Livy we have already seen had a historical method- he was to some extent a professional historian as far as we can tell. It is worth us trying to understand what Livy's approach to history consisted of. History in the ancient world was often a matter of observation- contemporary history being favoured over what we might call history today- the understanding of events long finished with. Livy of course studied our kind of history and therefore had to understand events in the far distant past. We have seen that Livy used conjectural history as a tool to understand events of the past but it is worth thinking about what else he did in order to form his narratives.
Livy relied as well on the accounts of previous Roman historians. The probability is that they themselves relied upon Roman family and public records, histories from the Greek colonies in the south of Italy and their own predecessors as Roman historians. Occasionally Livy names these predecessors- most of whose work is now lost to us- and therefore allows us to ascertain what his approach to them was. Take for example this passage from Book 3 concerning the campaign against the Aequians who had raided Rome:
In describing events so distant in time, it is difficult to make a precise or trustworthy estimate of the size of the forces engaged or the number of casualties: none the less Valerius of Antium does venture to do so; according to his account Roman losses in the territory of the Hernici amounted to 5,200 killed and those of the Aequian raiders in their engagement with Postumius to 2,400, the rest of them, who fell into Quinctius's trap as they were on their way home with their plunder fared worse, losing no fewer (as Valerius says with punctilious exactitude than 4,230 men (III 5)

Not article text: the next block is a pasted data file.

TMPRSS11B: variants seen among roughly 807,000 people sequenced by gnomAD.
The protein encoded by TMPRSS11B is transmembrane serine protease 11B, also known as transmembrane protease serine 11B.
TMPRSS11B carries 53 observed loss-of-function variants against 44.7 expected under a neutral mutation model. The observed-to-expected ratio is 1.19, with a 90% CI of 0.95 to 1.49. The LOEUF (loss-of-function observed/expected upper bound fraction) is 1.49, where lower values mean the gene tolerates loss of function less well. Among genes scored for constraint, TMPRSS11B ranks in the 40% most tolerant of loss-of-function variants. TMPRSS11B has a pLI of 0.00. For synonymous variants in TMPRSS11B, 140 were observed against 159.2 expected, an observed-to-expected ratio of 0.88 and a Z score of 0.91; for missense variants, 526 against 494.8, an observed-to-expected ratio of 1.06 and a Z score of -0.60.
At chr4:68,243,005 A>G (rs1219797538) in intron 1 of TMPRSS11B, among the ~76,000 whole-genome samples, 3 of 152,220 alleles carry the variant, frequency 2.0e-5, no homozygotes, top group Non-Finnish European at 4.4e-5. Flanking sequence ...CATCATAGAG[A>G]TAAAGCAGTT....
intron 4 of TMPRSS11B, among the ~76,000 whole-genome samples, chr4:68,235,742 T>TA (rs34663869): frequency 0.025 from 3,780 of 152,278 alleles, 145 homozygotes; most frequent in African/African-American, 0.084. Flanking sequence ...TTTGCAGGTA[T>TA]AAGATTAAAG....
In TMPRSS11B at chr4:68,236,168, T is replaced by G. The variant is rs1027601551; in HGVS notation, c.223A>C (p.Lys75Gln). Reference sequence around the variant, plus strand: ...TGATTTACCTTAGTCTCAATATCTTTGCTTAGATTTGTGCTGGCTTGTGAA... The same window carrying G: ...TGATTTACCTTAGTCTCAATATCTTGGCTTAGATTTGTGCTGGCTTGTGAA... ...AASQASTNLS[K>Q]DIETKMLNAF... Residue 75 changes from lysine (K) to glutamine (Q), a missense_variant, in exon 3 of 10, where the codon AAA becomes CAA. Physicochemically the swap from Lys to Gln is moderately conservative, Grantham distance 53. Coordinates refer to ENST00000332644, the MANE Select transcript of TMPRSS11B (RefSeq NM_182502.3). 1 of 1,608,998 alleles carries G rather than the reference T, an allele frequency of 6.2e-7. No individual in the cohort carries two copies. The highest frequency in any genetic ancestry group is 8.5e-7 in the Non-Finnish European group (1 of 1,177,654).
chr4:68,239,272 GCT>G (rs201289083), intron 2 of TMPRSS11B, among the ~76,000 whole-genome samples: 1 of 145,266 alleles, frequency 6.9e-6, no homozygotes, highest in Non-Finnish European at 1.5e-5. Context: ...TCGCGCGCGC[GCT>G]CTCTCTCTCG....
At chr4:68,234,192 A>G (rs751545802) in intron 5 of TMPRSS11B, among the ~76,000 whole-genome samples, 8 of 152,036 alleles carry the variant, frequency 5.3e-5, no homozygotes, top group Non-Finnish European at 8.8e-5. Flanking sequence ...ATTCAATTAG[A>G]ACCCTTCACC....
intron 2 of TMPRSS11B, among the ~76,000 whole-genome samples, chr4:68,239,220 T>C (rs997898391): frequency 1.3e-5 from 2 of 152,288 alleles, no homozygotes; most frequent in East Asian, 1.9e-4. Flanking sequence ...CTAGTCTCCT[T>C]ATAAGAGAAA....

There are a couple of things to note here- firstly that Livy was aware of the problem of talking in detail about events in the distant past. Secondly that he used his sources with scepticism- we are warned twice about the accuracy of Valerius of Antium's estimate- firstly in the overall warning about estimates and secondly in the language "none the less", "punctilious exactitude" with which Livy describes Valerius's estimate. Livy's own historical technique appears sceptical of the details of previous approaches- in this case exactly in the way that a modern historian would be. Livy like a modern historian understands that too much detail gives a hint of plausibility but also suggests an elaboration precisely because it is punctiliously exact.
We cannot deny that Livy did not use his sources the way a modern historian would- but we have to understand why. Firstly he did not have access to archaeology and the ability of historians today to reconstruct say the life of Etruscan Rome from the buried remnants of its ancient inhabitants. Secondly he believed that people in general behaved similarly in different epochs- not for Livy the conception of changing worlds of ideas- for him the lessons of ancient Rome were fully applicable in modern Rome but the opposite was also true: the social conflict of the 5th Century BC might be reconstituted from the social conflicts of the 1st Century BC. Livy has his limits in our eyes as a historian- but we ought to also acknowledge his strengths- he was not completely credulous about his sources. They may have vanished but we can see here his scepticism- he also was aware that there were limitations on his knowledge of the darkest corners of Roman history.